Japan also takes the leading role in engaging in measures against Chagas' disease in Latin America. Specifically, Japan contributes to decreasing the risk of infection by supporting the establishment of systems for measures against the vector insect. In regard to filariasis, Japan provides antiparasitic drugs and educational materials, and carries out education and prevention activities via Japan overseas cooperation volunteers (JOCVs), and thus aims to achieve a drastic reduction of the number of new patients and maintain the non-epidemic status.
(32) VCT: Voluntary Counseling and Testing
AIDS Education Project through Mass Media (Ghana)
Ghana has an HIV infection rate of 1.9% (2007). However, as the rate for youth is on the rise at 2.6%, the prevention of HIV/AIDS became an important issue. Since 2005, Japan has carried out education and awareness raising concerning HIV/AIDS and sexually transmitted diseases in ten districts in two provinces in Ghana, has improved access to services such as the provision of condoms, and therefore has promoted behavioral changes for young persons. Through these activities, knowledge regarding HIV/AIDS and sexually transmitted diseases has increased among young people, and the percentage of youth who would like to receive Voluntary Counseling and Testing (VCT) in regard to HIV/AIDS has risen to close to 90%. Opportunities for the provision of services have increased, including the number of testing facilities increasing to 23, and a social environment is developing that is decreasing behaviors among young people that carry a risk of infection.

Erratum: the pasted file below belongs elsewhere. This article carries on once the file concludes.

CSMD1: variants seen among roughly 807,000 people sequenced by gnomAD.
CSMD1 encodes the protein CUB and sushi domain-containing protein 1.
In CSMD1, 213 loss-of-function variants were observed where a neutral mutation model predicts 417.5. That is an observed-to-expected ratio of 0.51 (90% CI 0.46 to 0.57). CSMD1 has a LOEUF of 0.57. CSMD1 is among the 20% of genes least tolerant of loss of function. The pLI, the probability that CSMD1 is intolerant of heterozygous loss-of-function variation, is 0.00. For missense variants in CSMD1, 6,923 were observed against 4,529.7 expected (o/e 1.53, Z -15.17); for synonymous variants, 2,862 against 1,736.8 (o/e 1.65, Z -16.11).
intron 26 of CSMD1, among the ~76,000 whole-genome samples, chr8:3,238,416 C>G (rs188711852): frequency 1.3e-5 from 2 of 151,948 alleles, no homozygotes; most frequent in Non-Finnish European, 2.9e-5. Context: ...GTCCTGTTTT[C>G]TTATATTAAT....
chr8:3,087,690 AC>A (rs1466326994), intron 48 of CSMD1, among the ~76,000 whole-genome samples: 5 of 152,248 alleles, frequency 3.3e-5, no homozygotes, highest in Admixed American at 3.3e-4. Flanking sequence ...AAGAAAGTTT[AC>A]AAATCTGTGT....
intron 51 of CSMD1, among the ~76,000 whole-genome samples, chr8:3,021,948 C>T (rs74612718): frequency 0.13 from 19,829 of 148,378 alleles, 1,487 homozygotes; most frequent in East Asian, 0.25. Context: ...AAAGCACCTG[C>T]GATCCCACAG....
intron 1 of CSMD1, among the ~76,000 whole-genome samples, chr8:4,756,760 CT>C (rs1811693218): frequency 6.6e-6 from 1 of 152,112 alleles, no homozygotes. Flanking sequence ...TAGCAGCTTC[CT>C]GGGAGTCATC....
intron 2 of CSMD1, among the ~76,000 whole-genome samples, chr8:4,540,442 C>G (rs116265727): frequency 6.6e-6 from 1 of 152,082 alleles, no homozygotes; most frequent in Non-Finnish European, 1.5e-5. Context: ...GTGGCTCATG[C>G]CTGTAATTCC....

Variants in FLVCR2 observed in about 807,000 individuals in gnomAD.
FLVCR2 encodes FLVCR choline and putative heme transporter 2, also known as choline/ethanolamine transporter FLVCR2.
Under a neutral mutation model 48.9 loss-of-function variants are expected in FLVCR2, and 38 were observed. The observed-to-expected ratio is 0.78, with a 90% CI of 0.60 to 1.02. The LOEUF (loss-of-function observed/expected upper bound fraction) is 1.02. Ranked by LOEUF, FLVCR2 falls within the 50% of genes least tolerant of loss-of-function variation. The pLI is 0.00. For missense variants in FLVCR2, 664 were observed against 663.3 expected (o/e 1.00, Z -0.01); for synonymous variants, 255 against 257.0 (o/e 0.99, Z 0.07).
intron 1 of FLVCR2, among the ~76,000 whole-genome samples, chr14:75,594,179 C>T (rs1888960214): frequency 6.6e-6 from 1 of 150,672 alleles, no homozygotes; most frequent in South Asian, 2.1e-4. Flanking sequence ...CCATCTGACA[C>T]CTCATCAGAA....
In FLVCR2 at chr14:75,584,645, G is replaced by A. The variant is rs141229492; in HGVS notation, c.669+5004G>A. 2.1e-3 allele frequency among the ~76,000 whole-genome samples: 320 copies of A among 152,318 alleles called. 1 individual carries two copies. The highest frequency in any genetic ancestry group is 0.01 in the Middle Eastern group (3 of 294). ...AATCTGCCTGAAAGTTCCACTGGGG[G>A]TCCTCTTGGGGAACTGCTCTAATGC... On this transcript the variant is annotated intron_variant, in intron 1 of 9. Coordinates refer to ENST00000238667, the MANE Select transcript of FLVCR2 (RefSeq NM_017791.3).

National Tuberculosis Control Project (Cambodia)
Infectious diseases are a major cause of death in Cambodia, and tuberculosis infections are among the most prevalent. From 1999, Japan supported the spread of the Directly Observed Treatment, Short-Course (DOTS) strategy, and DOTS is currently adopted at about 750 health centers around the country (Phase I). From 2004, Japan provided support such as incorporating DOTS through private-public center collaboration and communities, responding to issues such as superinfections of tuberculosis and AIDS, and improvement of DOTS service, which expanded rapidly (Phase II). As a result, the detection rate of tuberculosis patients reached 70% and the rate of treatment success reached 85%, and the international objectives were achieved.